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The Trip

The Trip poster

Following Steve Coogan and Rob Brydon on a week-long drive through the sights, sounds, and tastes of the northern English countryside, The Trip is equal parts tour documentary, buddy movie, and road trip flick. But more than anything, and in spite of its many laughs, it is a poignant meditation on aging.

Ostensibly playing themselves, Coogan and Brydon are a juxtaposition of insecure and self-possessed, of serious artist and happy-go-lucky entertainer. Their differences are sussed out in conversations brimming over with dry British wit in the form of culinary critique, poetry, and hilarious celebrity impressions.

Amidst the abundant humor, there is varying tension between the two throughout, but director Michael Winterbottom avoids manufacturing friction for friction’s sake, keeping the central conflict understated and letting Coogan work through his personal and professional dissatisfaction with a refreshing lack of histrionics.

In particular, two things really impressd me about The Trip:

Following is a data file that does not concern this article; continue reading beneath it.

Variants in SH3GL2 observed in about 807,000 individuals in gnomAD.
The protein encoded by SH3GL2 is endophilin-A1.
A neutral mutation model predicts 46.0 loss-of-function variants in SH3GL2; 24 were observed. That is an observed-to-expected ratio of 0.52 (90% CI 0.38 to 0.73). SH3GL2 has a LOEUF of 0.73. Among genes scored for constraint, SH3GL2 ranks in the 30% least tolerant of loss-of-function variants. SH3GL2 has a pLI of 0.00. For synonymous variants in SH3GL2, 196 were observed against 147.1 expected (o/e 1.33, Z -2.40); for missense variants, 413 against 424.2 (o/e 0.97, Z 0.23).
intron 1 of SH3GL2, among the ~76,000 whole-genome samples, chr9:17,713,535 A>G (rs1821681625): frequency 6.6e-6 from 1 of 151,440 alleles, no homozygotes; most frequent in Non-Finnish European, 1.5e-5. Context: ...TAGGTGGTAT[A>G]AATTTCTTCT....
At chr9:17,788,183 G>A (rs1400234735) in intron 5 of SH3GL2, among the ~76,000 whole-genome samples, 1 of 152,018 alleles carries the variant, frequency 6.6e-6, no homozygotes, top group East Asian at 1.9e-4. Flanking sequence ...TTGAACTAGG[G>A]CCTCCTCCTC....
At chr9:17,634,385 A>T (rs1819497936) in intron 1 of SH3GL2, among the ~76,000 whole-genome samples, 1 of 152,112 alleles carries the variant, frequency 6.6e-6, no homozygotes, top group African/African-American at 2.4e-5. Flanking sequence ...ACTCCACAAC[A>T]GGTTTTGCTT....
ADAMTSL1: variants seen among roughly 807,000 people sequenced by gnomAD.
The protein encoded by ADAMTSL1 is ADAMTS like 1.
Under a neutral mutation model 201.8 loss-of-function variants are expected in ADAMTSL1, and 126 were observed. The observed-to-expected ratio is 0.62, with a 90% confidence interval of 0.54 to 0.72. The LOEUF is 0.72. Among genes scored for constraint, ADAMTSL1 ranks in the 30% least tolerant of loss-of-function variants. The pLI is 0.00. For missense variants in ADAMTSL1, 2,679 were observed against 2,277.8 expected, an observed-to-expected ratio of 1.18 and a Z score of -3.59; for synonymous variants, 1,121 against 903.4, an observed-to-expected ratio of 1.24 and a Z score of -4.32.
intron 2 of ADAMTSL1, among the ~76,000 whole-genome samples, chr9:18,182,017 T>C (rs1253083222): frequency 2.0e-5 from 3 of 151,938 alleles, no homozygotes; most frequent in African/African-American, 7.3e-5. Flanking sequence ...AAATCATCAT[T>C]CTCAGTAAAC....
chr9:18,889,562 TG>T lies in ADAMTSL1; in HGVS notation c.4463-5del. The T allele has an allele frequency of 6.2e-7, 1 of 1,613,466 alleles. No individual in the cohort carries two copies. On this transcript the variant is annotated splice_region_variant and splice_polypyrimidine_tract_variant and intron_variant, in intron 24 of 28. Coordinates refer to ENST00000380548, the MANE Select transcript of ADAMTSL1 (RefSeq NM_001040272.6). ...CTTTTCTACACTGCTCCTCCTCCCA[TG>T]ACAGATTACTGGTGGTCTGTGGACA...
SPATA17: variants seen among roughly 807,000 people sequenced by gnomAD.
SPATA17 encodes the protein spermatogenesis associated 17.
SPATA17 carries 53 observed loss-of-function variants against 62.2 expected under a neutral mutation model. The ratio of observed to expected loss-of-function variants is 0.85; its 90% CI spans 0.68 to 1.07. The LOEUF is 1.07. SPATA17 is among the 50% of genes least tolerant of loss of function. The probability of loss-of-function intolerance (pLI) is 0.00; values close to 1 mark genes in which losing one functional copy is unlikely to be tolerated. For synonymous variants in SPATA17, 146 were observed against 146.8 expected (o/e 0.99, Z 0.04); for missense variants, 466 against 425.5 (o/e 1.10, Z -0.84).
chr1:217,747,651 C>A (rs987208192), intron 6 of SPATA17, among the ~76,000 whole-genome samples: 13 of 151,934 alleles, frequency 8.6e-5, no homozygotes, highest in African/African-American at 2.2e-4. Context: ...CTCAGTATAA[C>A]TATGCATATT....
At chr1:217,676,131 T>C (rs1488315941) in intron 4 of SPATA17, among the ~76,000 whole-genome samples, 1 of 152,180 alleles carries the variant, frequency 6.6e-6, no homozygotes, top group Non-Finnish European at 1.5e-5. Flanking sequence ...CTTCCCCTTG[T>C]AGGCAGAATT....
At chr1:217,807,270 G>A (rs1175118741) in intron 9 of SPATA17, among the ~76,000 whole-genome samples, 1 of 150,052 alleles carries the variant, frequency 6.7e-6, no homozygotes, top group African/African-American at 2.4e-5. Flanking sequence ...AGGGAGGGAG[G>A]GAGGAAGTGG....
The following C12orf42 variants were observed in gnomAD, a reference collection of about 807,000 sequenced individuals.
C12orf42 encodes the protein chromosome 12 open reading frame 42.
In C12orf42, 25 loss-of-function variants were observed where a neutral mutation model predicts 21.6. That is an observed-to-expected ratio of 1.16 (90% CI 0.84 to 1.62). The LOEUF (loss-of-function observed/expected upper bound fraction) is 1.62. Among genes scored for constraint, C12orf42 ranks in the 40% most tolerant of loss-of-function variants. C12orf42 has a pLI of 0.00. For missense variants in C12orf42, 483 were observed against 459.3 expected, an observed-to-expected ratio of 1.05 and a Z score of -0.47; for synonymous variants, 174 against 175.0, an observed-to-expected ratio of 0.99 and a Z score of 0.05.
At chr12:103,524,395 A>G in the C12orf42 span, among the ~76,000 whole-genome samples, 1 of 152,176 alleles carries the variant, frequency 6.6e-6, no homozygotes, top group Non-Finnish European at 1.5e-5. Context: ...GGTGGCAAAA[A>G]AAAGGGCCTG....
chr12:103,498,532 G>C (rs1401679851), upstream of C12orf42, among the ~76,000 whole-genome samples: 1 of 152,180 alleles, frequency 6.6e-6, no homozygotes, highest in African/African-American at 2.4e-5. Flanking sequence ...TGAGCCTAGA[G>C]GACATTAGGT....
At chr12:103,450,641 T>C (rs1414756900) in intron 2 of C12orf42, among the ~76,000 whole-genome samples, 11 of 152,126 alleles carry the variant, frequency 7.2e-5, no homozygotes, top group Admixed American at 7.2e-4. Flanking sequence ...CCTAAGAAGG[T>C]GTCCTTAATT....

First, as an American, some of the more Anglo-centric cultural references were lost on me but somehow managed to keep me engaged and did nothing to diminish my enjoyment of the film. Coogan and Brydon’s conversational chemistry as well as their individual oratorial bravura was such that it didn’t even matter what they were saying; I just liked hearing them talk.

Second, the insular portrayal of two thespians whose theatrical impulses are incessantly indulged was not off-putting. For me, performers being performers in a non-performance setting is usually a recipe for disaster (see The Anniversary Party), but Coogan and Brydon’s aforementioned skills made listening to their endless riffing a real joy.

Don’t miss this one.

This piece originally appeared on Letterboxd.
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